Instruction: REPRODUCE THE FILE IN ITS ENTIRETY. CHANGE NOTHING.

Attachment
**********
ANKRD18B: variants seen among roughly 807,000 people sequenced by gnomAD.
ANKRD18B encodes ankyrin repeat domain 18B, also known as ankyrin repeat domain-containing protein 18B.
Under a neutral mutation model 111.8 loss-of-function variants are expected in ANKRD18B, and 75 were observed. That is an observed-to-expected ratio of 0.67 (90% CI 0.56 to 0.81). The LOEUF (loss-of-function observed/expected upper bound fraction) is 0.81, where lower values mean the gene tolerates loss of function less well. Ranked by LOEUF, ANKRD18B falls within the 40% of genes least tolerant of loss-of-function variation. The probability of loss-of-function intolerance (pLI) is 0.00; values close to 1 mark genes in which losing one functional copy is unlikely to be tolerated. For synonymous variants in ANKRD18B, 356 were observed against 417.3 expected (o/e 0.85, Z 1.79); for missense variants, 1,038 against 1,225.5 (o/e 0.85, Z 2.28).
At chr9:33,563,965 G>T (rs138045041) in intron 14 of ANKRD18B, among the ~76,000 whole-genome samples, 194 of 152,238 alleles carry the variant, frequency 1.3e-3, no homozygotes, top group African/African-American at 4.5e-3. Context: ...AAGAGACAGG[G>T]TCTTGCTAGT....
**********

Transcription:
ANKRD18B: variants seen among roughly 807,000 people sequenced by gnomAD.
ANKRD18B encodes ankyrin repeat domain 18B, also known as ankyrin repeat domain-containing protein 18B.
Under a neutral mutation model 111.8 loss-of-function variants are expected in ANKRD18B, and 75 were observed. That is an observed-to-expected ratio of 0.67 (90% CI 0.56 to 0.81). The LOEUF (loss-of-function observed/expected upper bound fraction) is 0.81, where lower values mean the gene tolerates loss of function less well. Ranked by LOEUF, ANKRD18B falls within the 40% of genes least tolerant of loss-of-function variation. The probability of loss-of-function intolerance (pLI) is 0.00; values close to 1 mark genes in which losing one functional copy is unlikely to be tolerated. For synonymous variants in ANKRD18B, 356 were observed against 417.3 expected (o/e 0.85, Z 1.79); for missense variants, 1,038 against 1,225.5 (o/e 0.85, Z 2.28).
At chr9:33,563,965 G>T (rs138045041) in intron 14 of ANKRD18B, among the ~76,000 whole-genome samples, 194 of 152,238 alleles carry the variant, frequency 1.3e-3, no homozygotes, top group African/African-American at 4.5e-3. Context: ...AAGAGACAGG[G>T]TCTTGCTAGT....